On October 6, 1981, a state of emergency was declared in Egypt following the assassination of President Anwar El Sadat. His successor, Hosni Mubarak, kept the emergency law in place for the next 30 years, using it to suppress dissent, quash opposition and give rise to a sprawling domestic security apparatus that committed rampant human rights abuses and nurtured a culture of government corruption, all for the sole purpose of keeping his regime in power.
Today, Mubarak is behind bars, forced out of office in a popular revolution that was driven in large part by contempt for the draconian law and the police state it helped spawn. Yet, eight months after the revolution began, Egypt is still under a state of emergency. In fact, its scope has been broadened by the Supreme Council of Armed Forces that came to power following Mubarak's ouster.
On September 10, the military council announced it would fully enforce the emergency law and added to it a new list of offenses, including "aggression against the freedom to work, sabotaging factories and holding up transport, blocking roads and deliberately publishing false news, statements or rumors."
“These changes are a major threat to the rights to freedom of expression, association and assembly, and the right to strike,” says Philip Luther, Amnesty International’s deputy director for the Middle East and North Africa. “We are looking at the most serious erosion of human rights in Egypt since Mubarak stepped down.”
The military council's emergency law decree was made in the wake of the storming of the Israeli embassy in Giza a day earlier, when protesters managed to break into one of the embassy's office floors as hundreds of police and army forces stationed around the corner did nothing to stop them. It was only after protesters attacked the local security headquarters that central security forces launched a crackdown that resulted in three people killed, over 100 arrested and more than 1,000 wounded.
Those arrested under the emergency law are tried before special courts known as (Emergency) Supreme State Security Courts, which, like military courts, violate the right to a fair trial and deny defendants the right to appeal, say human rights activists. The law also gives security forces virtually unrestrained powers of search, arrest and detention.
A few days later, Adel al-Morsy, the head of the Military Judicial Authority, announced that the emergency law would remain in effect until June 2012. The decision contravenes the military council's vow in a constitutional declaration passed last March to abolish the state of emergency by September 30. As it stands, the post-revolutionary parliamentary elections scheduled to begin in November will take place under the same state of emergency that Egyptians have been subject to for the past three decades.
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The military council's decisions have sparked outrage and demonstrations in defiance of the law. Last Monday, over a thousand protesters gathered in Tahrir Square—the iconic epicenter of the revolution—and marched to the ministerial cabinet headquarters in protest. Hundreds of people also gathered at the Journalists' Syndicate in downtown Cairo on two separate occasions to demonstrate against the law and to hear testimony from family members of detainees arrested and jailed in military courts and from human rights attorneys and activists about the legal implications of the ongoing state of emergency.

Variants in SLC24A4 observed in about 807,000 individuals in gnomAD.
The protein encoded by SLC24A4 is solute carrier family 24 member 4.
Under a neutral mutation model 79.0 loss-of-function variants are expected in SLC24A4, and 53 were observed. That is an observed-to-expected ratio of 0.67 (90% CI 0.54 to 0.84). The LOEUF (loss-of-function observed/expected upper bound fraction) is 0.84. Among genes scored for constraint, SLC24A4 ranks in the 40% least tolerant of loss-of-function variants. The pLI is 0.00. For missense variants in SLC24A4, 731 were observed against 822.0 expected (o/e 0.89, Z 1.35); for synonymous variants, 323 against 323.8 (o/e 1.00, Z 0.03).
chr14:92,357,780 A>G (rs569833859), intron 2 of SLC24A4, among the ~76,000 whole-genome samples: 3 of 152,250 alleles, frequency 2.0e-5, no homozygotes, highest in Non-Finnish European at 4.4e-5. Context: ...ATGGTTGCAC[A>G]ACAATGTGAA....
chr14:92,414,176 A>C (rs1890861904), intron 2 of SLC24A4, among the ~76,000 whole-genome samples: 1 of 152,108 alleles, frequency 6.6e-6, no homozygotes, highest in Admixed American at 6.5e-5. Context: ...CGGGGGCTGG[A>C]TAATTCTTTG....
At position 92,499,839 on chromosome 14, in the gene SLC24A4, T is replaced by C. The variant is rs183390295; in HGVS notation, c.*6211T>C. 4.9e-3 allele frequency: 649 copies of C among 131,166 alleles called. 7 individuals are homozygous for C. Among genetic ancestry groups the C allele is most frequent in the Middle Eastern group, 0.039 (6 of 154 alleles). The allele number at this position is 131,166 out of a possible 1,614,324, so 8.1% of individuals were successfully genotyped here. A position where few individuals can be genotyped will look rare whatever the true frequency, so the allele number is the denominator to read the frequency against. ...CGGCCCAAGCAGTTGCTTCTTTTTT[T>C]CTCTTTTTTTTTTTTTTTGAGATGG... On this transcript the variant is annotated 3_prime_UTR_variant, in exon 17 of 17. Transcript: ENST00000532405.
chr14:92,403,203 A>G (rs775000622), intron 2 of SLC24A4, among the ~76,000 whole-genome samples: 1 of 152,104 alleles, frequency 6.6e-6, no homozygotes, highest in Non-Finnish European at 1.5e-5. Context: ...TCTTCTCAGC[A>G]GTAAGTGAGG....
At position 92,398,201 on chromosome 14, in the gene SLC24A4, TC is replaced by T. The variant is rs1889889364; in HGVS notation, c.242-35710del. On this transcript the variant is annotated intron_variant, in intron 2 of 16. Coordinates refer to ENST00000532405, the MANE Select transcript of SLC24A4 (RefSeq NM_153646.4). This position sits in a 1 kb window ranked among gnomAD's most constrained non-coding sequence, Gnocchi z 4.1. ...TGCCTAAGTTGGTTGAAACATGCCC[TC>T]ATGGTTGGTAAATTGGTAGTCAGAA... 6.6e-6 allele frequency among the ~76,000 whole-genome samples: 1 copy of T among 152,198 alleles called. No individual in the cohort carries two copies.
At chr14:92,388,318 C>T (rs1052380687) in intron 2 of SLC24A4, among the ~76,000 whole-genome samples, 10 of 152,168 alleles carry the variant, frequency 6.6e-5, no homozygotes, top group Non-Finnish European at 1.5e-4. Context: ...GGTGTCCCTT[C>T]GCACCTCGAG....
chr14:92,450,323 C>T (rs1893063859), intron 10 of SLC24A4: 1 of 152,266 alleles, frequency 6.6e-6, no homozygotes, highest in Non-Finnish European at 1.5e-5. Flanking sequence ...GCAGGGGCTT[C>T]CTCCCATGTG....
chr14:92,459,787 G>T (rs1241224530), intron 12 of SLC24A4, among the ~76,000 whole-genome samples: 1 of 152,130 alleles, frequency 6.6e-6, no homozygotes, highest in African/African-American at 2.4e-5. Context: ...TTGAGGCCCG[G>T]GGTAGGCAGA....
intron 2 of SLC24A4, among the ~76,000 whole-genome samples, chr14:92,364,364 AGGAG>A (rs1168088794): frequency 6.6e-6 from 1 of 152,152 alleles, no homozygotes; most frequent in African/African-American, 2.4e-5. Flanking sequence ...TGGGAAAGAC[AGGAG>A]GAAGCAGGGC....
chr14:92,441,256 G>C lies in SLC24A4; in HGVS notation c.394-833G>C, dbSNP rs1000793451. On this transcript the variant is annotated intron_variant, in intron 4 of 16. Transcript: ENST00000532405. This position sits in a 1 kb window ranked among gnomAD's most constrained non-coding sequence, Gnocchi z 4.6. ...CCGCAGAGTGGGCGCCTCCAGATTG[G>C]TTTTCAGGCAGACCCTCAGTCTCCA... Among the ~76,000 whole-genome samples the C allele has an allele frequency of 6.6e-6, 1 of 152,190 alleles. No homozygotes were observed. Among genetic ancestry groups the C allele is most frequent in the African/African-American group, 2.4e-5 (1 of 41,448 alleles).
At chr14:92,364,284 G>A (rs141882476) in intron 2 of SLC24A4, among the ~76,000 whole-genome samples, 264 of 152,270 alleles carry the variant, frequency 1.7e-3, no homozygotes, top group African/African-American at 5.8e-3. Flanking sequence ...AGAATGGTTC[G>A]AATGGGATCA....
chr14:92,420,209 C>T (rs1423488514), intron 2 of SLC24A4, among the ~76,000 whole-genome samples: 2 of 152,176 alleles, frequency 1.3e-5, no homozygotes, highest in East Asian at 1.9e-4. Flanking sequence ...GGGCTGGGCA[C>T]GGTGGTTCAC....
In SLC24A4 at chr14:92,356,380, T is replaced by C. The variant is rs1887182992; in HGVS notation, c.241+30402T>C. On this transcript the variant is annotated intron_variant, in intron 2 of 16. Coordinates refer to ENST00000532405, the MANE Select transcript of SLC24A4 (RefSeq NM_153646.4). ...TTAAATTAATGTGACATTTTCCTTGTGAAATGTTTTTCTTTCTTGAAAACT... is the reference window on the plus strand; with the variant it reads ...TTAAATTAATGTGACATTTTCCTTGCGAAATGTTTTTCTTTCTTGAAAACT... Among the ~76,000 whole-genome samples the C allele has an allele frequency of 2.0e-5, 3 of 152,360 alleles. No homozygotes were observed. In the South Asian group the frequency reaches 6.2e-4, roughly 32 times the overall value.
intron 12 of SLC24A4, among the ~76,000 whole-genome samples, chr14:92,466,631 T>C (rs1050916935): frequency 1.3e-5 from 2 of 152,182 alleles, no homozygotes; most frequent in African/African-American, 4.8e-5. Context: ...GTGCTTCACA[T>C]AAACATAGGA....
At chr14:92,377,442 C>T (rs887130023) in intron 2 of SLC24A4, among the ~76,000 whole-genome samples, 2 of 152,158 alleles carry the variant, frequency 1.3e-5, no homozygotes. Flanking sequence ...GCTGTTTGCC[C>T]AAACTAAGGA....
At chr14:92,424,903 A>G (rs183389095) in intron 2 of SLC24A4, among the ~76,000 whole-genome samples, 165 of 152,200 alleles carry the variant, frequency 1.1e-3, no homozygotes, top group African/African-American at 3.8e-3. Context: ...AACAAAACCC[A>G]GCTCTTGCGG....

Among those speaking out at the Journalists' Syndicate protests were reporters and workers from Al Jazeera Mubasher Misr (Al Jazeera Live Egypt), an affiliate of the Al Jazeera satellite network which was launched in the aftermath of the 18-day uprising. Al Jazeera Mubasher Misr had become known for its live and extensive coverage of street protests in Egypt in the post-Mubarak transitional period.
Two days after the Israeli embassy incident, officers from the public broadcasting agency had raided the Giza office of Al Jazeera Mubasher Misr and shut it down. Officials seized broadcasting equipment and arrested the station's chief engineer, detaining him overnight. They claimed that neighbors had filed a complaint and that the station had been broadcasting without a license. A separate lawsuit had also been filed accusing the channel of "sowing dissent" and "calling for demonstrations."
"It makes us really afraid. It makes us feel unhappy and uneasy," says Ayman Gaballah, the managing director of Al Jazeera Mubasher. He says the channel filed for a broadcasting license in April and though they repeatedly inquired about the paperwork at the government broadcasting agency, they were assured the license would be granted and were told they could continue broadcasting in the interim. "We are afraid that this is a way of manipulating us to keep us always under pressure. So the moment they are not satisfied they can come in with a heavy hand and close our office," Gaballah says.
The day after the protest, Gaballah, along with a number of activists and renowned human rights lawyer Ahmed Seif El-Islam, went to the government press center office and submitted additional paperwork to obtain their broadcast license. They were told they would hear back within two weeks.
Meanwhile, street protests, labor strikes and criticism of the military council in the media continue on a daily basis in defiance of the military council's threats to fully enforce the emergency law. After 30 years, Egyptians are demanding to live under rule of law, not emergency.